IoT Heats Up Smart Dubai
On a mission to become the smartest of all cities, Dubai employs state-of-the-art Internet of Things technology, real-time UC&C, and wireless networks.
In the UC&C industry, this week all eyes have been on San Francisco, where Cisco is wrapping up its eighth-annual Collaboration Summit. I, however, am writing from rather different corner of the world (Dubai, United Arab Emirates), where I'd been immersing myself in a complementary technology (IoT), at another Cisco event -- its third-annual Internet of Things World Forum. And there I learned how organizations are using IoT to transform their businesses.
Dubai was a great host city for the three-day event, given its plans not just to become one of many smart cities, but the smartest of them all. This is fitting for a city that made a landmark statement by building the tallest building in the world and that has become a hot spot for tourism over the past several years.
Dubai's smart city vision begins with its ruler, Sheikh Mohammad bin Rashid Al Maktoum, who is vice president and prime minister of the United Arab Emirates. In 2013, he laid out his plans for Smart Dubai, a project intended to improve the quality of life for residents and enhance the tourist experience by using IoT technology to deliver education, healthcare, and other services.
A logical assumption is that most of Dubai's revenue comes from oil production, but oil really only accounts for about 5% of the city's income. Tourism, on the other hand, now accounts for more than 30% of income, so creating an unparalleled connected experience goes a long way into getting people to come back. Dubai will be hosting World Expo 2020, and with that as an additional impetus the goal is to make Dubai the world's smartest city 2017.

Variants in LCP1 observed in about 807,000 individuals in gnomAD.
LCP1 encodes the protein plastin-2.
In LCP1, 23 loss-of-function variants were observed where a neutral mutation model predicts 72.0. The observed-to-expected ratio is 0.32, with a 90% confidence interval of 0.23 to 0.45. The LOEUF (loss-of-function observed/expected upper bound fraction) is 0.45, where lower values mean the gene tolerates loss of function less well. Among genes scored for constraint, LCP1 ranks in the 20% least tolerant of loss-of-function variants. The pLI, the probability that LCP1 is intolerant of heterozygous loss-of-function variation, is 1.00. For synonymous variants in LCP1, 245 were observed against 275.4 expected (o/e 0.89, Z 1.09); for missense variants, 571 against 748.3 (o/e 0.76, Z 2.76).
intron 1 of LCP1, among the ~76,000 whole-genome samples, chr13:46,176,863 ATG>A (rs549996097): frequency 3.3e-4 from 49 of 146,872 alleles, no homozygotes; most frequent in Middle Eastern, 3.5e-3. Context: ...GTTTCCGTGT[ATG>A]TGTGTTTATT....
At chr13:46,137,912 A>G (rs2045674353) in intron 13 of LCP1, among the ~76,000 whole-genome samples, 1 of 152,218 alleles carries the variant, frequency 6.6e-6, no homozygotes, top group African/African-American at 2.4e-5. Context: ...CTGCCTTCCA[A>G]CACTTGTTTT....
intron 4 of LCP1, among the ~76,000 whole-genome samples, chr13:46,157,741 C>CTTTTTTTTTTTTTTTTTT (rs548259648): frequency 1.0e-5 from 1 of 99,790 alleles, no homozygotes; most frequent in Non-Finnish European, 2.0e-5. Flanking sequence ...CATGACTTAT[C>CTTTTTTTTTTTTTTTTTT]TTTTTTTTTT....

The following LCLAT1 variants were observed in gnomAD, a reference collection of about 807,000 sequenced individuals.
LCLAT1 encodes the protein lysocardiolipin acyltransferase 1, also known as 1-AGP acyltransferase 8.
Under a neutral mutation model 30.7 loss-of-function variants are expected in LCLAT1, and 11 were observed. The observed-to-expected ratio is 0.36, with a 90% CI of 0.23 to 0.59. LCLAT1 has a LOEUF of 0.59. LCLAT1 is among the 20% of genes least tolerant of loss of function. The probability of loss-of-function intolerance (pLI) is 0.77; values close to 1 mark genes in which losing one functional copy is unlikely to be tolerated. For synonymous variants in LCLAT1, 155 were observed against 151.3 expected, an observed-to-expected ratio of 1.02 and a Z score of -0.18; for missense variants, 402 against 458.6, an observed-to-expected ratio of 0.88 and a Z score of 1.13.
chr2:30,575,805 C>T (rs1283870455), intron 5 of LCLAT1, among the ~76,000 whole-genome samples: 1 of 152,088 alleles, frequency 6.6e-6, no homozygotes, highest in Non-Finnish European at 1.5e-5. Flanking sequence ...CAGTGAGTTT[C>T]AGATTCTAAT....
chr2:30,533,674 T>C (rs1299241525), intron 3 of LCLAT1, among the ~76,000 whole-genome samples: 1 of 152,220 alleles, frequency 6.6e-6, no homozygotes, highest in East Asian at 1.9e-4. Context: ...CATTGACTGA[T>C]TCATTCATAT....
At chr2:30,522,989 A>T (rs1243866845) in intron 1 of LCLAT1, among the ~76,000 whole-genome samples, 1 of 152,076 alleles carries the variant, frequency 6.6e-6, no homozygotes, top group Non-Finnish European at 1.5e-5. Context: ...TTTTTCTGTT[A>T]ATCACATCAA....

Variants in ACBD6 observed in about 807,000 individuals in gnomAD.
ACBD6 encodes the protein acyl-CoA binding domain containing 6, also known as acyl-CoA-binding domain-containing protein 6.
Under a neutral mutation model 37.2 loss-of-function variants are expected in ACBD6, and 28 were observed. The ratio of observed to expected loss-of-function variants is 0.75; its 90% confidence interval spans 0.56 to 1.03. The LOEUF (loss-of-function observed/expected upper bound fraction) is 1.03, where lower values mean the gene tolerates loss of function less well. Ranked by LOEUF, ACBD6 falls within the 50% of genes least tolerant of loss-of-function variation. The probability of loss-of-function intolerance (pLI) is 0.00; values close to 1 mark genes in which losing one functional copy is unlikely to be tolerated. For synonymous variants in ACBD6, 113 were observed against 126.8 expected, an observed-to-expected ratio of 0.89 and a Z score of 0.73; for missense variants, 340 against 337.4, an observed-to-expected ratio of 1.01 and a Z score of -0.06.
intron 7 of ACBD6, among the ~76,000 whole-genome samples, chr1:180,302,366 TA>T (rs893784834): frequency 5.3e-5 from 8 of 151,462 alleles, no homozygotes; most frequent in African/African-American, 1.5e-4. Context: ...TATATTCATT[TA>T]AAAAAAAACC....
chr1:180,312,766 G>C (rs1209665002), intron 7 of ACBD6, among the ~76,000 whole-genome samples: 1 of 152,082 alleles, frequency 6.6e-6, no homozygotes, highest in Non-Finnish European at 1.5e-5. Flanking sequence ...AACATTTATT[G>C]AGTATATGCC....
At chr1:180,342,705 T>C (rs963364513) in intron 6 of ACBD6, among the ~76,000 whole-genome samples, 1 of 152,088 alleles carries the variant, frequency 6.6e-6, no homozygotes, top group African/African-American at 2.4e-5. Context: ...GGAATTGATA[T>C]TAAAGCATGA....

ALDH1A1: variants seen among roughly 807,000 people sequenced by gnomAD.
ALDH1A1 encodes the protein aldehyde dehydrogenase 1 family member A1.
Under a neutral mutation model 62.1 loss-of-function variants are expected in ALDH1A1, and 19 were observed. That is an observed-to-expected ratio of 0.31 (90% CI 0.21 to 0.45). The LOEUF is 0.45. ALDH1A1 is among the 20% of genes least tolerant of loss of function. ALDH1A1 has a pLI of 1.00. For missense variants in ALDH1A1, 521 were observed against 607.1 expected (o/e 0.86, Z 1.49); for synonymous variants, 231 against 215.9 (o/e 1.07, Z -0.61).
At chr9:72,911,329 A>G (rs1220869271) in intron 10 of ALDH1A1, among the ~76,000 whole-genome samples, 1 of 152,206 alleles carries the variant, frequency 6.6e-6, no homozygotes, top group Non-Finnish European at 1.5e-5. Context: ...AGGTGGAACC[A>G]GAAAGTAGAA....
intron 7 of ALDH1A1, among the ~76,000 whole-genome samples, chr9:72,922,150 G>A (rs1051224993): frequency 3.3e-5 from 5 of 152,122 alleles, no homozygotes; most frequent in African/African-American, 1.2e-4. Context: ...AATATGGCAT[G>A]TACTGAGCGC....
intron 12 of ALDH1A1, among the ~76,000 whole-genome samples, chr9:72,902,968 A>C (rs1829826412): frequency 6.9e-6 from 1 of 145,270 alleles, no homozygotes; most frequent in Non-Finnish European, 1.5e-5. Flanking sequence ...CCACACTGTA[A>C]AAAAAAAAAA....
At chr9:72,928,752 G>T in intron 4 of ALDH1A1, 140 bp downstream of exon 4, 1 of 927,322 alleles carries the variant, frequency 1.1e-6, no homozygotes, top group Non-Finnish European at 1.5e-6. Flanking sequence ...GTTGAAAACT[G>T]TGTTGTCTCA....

You can find hundreds of smart city initiatives underway across the globe, but Dubai's measures of success are unique. Most of the other smart city plans I have heard focus on efficiency, revenue generation, or safety. Dubai's measure of success, however, will be the happiness of its citizens.
"Our ambition for this project is to touch the life of every individual in our country; every mother in her home, employee in his work, investor in his project, child in school, or doctor in his clinic. Our aim is a happier life for all," said Sheikh Mohammad.
Dubai's plans for the smart city project and improved happiness cuts across six dimensions: economic growth, governance and transparency of information; a culture of inclusion for the people of the city; improving quality of life; seamless mobility; and environmental resource efficiency. The number six certainly seems manageable, but in fact Dubai has more than 100 individual initiatives underway across segments like transportation, communications, public services, urban planning, and more.
I'm certainly not going to go through each initiative, but I've highlighted a few here to illustrate what "smart city" means to Dubai.
Click to the next page for a look at Dubai's connected police, parking and transportation initiatives, plus more